A new HIV prevention programme is set to begin next month, the Department of Health has confirmed.
The pre-exposure prophylaxis (PrEP) programme is aimed at people who are considered to be at substantial risk of sexually acquired HIV
PrEP is the most recent development in the field of HIV prevention, involving the pre-emptive use of oral antiretroviral therapy in HIV negative people in order to prevent infection.
HIV PrEP is a combination tablet containing two drugs - tenofivir and emtricitabine. It is taken by HIV negative people before having sex and after sex, to prevent HIV.
A PrEP programme provides PrEP as part of a holistic service that sees participants frequently monitored for adherence and side-effects. It also includes testing for HIV and other STIs, and counselling and advice on safer sex practices.
The programme is set to begin on November 4 in a number of STI clinics nationwide. This is expected to be expanded next year, after €5.4 million was made available as part of Budget 2020.
"The introduction of a PrEP programme here will reduce the number of people who contract HIV in future. It's great that we are starting the PrEP programme this year as promised, with funding now in place for a wider programme next year.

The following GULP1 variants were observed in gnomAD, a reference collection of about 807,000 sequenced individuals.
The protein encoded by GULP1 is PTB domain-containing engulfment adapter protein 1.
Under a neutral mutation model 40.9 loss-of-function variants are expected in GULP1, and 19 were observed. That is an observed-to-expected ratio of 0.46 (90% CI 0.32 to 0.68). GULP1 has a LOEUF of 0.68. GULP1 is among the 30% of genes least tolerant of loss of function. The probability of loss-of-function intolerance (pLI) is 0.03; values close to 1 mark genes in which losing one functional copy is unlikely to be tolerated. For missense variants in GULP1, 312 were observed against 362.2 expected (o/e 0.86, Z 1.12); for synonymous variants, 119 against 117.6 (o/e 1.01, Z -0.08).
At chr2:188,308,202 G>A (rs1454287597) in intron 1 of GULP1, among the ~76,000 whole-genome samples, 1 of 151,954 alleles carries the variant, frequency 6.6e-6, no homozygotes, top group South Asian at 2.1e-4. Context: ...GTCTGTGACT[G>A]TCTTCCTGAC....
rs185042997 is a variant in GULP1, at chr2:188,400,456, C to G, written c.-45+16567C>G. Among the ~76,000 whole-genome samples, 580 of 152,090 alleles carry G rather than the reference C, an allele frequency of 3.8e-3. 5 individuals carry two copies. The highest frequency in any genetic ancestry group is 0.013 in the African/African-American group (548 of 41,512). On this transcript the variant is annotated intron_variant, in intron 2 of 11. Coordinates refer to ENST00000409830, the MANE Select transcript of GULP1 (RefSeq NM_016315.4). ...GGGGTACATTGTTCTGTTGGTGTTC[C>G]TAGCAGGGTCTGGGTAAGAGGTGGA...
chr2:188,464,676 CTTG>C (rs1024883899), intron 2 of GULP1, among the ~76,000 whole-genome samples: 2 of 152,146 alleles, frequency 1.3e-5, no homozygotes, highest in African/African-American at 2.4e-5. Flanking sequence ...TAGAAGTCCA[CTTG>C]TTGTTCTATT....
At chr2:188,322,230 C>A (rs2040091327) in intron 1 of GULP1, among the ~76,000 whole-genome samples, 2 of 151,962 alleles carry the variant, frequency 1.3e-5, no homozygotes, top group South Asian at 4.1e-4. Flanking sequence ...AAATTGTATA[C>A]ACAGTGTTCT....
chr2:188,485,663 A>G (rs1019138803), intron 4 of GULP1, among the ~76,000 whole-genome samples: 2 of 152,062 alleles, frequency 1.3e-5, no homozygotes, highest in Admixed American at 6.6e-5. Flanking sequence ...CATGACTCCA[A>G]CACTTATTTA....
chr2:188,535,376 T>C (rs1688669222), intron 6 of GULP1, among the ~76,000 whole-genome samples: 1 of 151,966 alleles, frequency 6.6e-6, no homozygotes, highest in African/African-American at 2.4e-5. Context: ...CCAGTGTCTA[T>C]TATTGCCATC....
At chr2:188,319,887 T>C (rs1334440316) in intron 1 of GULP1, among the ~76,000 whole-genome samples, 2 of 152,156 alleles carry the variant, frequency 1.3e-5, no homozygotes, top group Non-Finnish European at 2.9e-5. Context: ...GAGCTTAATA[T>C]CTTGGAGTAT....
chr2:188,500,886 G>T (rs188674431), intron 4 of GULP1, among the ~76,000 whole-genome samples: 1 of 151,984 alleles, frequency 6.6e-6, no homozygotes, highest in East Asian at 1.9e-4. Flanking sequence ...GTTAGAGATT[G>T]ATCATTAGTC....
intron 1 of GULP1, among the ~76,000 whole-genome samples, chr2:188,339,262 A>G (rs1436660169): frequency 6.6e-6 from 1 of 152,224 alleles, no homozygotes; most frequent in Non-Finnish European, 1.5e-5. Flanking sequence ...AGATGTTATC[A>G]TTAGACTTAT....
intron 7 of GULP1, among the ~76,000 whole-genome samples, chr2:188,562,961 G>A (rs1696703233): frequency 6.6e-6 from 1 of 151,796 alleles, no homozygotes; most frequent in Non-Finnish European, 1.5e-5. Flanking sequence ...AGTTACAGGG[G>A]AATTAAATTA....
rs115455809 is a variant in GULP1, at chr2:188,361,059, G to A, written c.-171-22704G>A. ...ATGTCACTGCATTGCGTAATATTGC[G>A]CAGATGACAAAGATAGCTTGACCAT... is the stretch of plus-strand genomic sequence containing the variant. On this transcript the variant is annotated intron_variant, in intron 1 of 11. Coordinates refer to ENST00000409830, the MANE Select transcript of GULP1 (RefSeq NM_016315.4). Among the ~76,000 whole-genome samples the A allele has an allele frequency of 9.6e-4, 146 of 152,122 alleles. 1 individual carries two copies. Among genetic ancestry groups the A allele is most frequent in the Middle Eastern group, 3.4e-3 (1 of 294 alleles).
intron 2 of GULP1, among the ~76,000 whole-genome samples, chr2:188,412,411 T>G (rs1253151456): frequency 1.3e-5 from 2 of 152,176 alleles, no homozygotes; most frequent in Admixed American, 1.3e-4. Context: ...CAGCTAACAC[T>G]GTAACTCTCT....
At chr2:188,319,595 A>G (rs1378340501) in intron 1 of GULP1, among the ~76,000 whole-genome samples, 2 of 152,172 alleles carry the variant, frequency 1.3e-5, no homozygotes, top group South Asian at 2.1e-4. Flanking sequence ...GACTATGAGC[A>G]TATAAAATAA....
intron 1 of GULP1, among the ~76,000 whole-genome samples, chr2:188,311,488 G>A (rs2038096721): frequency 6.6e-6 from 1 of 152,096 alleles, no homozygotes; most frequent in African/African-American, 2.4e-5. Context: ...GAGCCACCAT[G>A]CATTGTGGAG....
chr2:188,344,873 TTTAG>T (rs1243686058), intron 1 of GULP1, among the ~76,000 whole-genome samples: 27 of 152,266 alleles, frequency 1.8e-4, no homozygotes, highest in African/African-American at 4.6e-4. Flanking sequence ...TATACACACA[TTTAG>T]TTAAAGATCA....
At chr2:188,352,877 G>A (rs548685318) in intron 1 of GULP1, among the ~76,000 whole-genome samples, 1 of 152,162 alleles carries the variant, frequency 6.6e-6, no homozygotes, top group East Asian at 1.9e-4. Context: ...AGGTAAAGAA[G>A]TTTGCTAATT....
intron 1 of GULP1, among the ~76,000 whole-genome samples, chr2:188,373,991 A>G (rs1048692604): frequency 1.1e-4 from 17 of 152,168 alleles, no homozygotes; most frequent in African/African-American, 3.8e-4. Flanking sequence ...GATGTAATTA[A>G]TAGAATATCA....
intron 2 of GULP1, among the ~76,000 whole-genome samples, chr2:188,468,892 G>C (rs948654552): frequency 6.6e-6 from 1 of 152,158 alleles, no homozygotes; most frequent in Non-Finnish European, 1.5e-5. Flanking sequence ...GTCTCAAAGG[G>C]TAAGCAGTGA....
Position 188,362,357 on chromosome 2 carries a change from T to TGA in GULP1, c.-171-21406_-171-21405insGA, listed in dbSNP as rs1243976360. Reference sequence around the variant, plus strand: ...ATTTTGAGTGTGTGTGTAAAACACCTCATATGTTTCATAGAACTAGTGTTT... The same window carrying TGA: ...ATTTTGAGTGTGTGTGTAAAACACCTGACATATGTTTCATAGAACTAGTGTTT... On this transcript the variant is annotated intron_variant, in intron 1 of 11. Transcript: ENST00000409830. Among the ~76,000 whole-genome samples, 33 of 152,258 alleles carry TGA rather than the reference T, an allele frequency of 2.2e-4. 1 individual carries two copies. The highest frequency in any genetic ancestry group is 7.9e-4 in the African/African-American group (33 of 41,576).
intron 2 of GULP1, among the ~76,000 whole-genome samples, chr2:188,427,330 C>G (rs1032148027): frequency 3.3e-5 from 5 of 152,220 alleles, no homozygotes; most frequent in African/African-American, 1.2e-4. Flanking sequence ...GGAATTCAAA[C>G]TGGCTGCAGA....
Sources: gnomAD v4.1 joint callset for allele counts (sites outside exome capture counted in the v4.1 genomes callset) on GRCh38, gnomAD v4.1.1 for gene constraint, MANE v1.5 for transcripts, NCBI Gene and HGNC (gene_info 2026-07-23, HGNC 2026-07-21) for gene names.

"PrEP is just one element of our response to reducing HIV rates. We've also prioritised increasing awareness and HIV testing. With this combined approach, we reach the people we need to reach and bring down HIV rates in Ireland," commented the Taoiseach, Leo Varadkar.
The new programme has been welcomed by Dr Fiona Lyons, a consultant in genitourinary and HIV medicine at St James's Hospital in Dublin.
"I welcome the imminent availability of PrEP medication, without charge, to those who are at substantial risk of acquiring HIV through sexual contact. PrEP is an important part of the HIV prevention jigsaw puzzle that, together with other HIV prevention interventions, should reduce the number of new HIV infections in Ireland," she said.
The decision to implement a PrEP programme in Ireland was informed by a health technology assessment, which was carried out by the Health Information and Quality Authority (HIQA) earlier this year.
HIQA carried out the assessment to determine whether the introduction of such a programme in Ireland would be beneficial. It found that the successful implementation of a national PrEP programme would be safe, effective and cost-saving.
As part of the new programme, those who attend an approved service and are found to be at substantial risk for HIV, and meet the clinical eligibility criteria, will be eligible for PrEP free of charge, dispensed through community pharmacies.
Information for people who think they may be at risk from HIV and are considering taking PrEP is available at sexualwellbeing.ie/prep.
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